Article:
The Building Tradesman Newspaper

Friday, September 21, 2018

Healthy construction industry has few worries

By The Building Tradesman

U.S. construction spending inched higher from June to July, up 0.1 percent, but spending was up 5.2 percent since the beginning of the year.

On the jobs side, construction employment increased by 23,000 jobs in August and by 297,000 jobs over the past year, reaching a 10-year high, while the industry's unemployment rate stood at an all-time low. Industry wages are also up - but only mildly. 

News of the latest state of the state of the U.S. construction industry trends comes from the Associated General Contractors, which released its analysis of the latest spending, employment and wage figures the first week of September. 

"It is striking how balanced the growth in construction spending has been so far this year," said Ken Simonson, the AGC's chief economist. "Spending totals for the first seven months of 2018 combined nearly match those for the same period of 2017. Contractors are optimistic that demand for projects will continue but many report that workforce shortages are leading to longer construction schedules and higher costs." The AGC said sustained industry growth will depend in part on contractors' ability to find increasingly scarce craft workers.

Hourly earnings in the construction industry averaged $29.95 in August, an increase of 3.3 percent from a year earlier. Average hourly earnings in construction are now 10.3 percent higher than the average for all non-farm private-sector jobs, which rose 2.9 percent in the past year, to $27.16. 

While the higher wages in both construction and the rest of the U.S. economy are welcome, economists are still vexed and divided as to the question of why wages aren't even higher given the tight labor market, and supply-and-demand forces. It's difficult for workers to get ahead when the U.S. average wage hike only matches the latest inflation rate, which as of Aug. 10, is 2.9 percent - the highest since February 2012.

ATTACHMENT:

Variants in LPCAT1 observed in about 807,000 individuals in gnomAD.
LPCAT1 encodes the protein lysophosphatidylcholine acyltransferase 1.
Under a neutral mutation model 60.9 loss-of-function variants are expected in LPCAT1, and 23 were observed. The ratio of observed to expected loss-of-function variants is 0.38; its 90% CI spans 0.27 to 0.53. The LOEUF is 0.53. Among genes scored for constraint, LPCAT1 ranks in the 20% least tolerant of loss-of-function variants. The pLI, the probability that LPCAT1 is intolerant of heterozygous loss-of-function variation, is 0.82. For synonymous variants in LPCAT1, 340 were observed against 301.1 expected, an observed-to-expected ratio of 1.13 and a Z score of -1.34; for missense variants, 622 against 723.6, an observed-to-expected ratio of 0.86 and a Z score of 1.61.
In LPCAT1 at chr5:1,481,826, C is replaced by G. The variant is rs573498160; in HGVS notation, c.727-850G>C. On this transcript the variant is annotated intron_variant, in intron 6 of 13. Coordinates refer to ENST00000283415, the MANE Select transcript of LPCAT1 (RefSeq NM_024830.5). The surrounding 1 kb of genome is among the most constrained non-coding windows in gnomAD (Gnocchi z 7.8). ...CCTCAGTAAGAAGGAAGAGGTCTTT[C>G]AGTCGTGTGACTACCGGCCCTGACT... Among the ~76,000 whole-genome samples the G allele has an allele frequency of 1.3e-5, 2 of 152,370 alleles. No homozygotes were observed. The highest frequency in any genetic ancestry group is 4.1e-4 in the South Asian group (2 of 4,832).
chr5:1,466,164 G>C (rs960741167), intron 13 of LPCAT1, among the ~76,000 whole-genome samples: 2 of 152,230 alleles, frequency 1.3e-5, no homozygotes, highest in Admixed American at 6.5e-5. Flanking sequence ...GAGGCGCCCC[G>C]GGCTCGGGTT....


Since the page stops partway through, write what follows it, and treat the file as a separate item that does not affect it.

"Nominal wage growth has been slower than would be expected over the last year, particularly in light of an unemployment rate hovering around 4.0 percent," said Elise Goiuld of the labor-backed Economic Policy Institute. "In a tight labor market, employers should be finding it harder and harder to attract and retain the workers they want—and, therefore they should be raising wages in order to get them. But, that’s not happening enough to move the dial on wage growth."

By construction category, public construction spending year-to-date through the first seven months of 2018 was 5.4 percent higher compared to the same period in 2017, and up 5.2 percent for private construction. Within private construction, residential was up 7.7 percent, while nonresidential was up 2.2 percent.

Most major segments since the beginning of 2018 had gains: up 3.6 percent for highway construction, 0.6 percent for educational construction and 14.0 percent for transportation construction. Power construction edged up 0.4 percent, commercial (retail, warehouse and farm) construction rose 4.7 percent, and office construction increased 5.8 percent. Manufacturing construction declined 7.2 percent.

There have been some other, mild cautionary indicators. "In the latest Autodesk-AGC of America Workforce Survey, firms overwhelmingly plan to hire more workers, but 80 percent of firms report difficulty filling hourly craft positions, leading to longer completion times for projects." Simonson said. "This trend could drag down further gains in spending."

Dodge Data and Analytics reported on Aug. 10 that its Momentum Index fell 2.9 percent in August to 164.1 (2000=100) from the revised July reading of 169.0.  The Momentum Index is a monthly measure of the first report for nonresidential building projects in planning, which have been shown to lead construction spending for nonresidential buildings by a full year.  Pushing the Momentum Index lower in August was its commercial component, which dropped 6.1 percent from July. The other components are reportedly healthy.